In February 2004, OLC wrote a memo stating that enforcing the policy requirement against U.S. organizations would be unconstitutional.  The opinion was a remarkable moment of honesty.  Because the February 2004 opinion has never been publicly disclosed, we do not know the particulars of its legal reasoning.  It must have been pretty forceful, though:  at least two government agencies – the U.S. Department of Health and Human Services (HHS) and the U.S. Agency for International Development (USAID) – heeded the OLC policy requirement memo, refraining from enforcing the policy requirement for about 18 months.


The Baucus Bill: Right step, wrong direction (Rep. Joe Sestak)

The health care reform bill passed by the Senate Finance Committee chaired by Sen. Max Baucus is not the reform we need and is not the reform we promised the American people. In its current state, the bill reinforces health insurance monopolies, does not provide access to affordable care for all Americans, and does not present a full and honest accounting of its costs. While I am encouraged that the Finance Committee has moved forward, I hope our Congressional leaders will embrace the legislation passed in my committee (Education and Labor) in the House that better controls cost, expands coverage, and improves care.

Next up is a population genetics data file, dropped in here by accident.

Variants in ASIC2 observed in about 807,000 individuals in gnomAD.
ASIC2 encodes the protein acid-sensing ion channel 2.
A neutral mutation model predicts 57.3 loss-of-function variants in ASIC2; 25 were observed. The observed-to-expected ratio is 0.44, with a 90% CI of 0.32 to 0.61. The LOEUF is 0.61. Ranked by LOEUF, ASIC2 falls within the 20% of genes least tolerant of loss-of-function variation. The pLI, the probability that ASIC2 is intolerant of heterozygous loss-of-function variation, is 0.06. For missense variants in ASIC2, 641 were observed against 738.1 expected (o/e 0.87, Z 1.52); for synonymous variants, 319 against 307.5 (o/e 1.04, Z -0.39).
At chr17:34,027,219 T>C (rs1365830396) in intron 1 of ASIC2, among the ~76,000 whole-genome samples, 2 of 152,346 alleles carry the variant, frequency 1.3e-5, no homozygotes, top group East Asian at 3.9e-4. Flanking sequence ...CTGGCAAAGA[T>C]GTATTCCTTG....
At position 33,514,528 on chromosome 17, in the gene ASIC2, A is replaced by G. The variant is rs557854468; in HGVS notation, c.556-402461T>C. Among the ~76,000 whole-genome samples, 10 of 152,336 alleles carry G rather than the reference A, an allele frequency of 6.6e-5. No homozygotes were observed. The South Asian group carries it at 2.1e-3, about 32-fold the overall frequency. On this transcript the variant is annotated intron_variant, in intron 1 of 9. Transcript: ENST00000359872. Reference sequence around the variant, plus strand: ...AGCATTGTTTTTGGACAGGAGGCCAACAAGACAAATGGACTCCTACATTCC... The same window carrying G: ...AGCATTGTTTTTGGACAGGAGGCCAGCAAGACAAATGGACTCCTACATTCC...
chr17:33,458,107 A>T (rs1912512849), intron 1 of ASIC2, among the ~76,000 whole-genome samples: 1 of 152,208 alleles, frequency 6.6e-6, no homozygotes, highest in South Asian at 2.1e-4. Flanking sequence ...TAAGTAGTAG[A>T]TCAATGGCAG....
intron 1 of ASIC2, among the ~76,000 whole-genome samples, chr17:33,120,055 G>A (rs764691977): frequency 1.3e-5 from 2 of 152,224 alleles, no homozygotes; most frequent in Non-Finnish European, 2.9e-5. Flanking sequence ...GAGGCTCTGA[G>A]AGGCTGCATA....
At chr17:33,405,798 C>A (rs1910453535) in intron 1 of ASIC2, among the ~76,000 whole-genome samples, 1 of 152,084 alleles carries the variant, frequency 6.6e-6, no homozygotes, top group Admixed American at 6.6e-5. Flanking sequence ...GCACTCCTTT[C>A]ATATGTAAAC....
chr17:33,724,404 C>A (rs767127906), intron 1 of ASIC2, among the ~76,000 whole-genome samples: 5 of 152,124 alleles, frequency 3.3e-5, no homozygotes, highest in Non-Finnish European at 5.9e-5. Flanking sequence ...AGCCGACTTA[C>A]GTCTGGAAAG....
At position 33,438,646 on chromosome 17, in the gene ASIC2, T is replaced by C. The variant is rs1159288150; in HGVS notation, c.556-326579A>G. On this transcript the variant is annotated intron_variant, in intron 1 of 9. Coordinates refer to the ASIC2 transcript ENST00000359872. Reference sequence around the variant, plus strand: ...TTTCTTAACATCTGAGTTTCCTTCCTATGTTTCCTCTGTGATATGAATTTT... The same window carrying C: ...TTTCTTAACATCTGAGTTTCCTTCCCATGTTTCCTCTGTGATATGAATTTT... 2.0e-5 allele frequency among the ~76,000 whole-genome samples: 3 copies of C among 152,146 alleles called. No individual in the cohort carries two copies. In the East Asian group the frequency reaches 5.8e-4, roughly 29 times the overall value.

The Senate Finance committee is the last of five Congressional committees to advance a health care plan. It is the only one that lacks a public health insurance option.

The public option is crucial if we want to introduce competition and bring down costs. The current health insurance industry is highly monopolized, with a small group of insurers exercising an almost "cartel" like power to dictate prices and continually raise premiums and fees on American families. Nationwide, an astounding 94% of insurance markets meet Department of Justice criteria for being "non-competitive." In Pennsylvania, two insurance companies control 70% of the market; one company has 74% of all the insurance plans in Southeast Pennsylvania.


Democrats: Stop kissing elephant trunk and reform health insurance right

The meeting got testy. Voices rose last Thursday among Democrats over differences in the Senate Finance and Health committee versions of insurance reform.

Max Baucus defended his committee’s bill, voted out last week with one Republican, but lacking a public option and burdening the middle class. He said, according to reports by Sen. Evan Bayh: “We are doing the best we can.”

Maybe Baucus is doing the best he can, considering the fact that his committee, in search of Republican support, has been kissing elephant trunk so long it doesn’t know which end is up.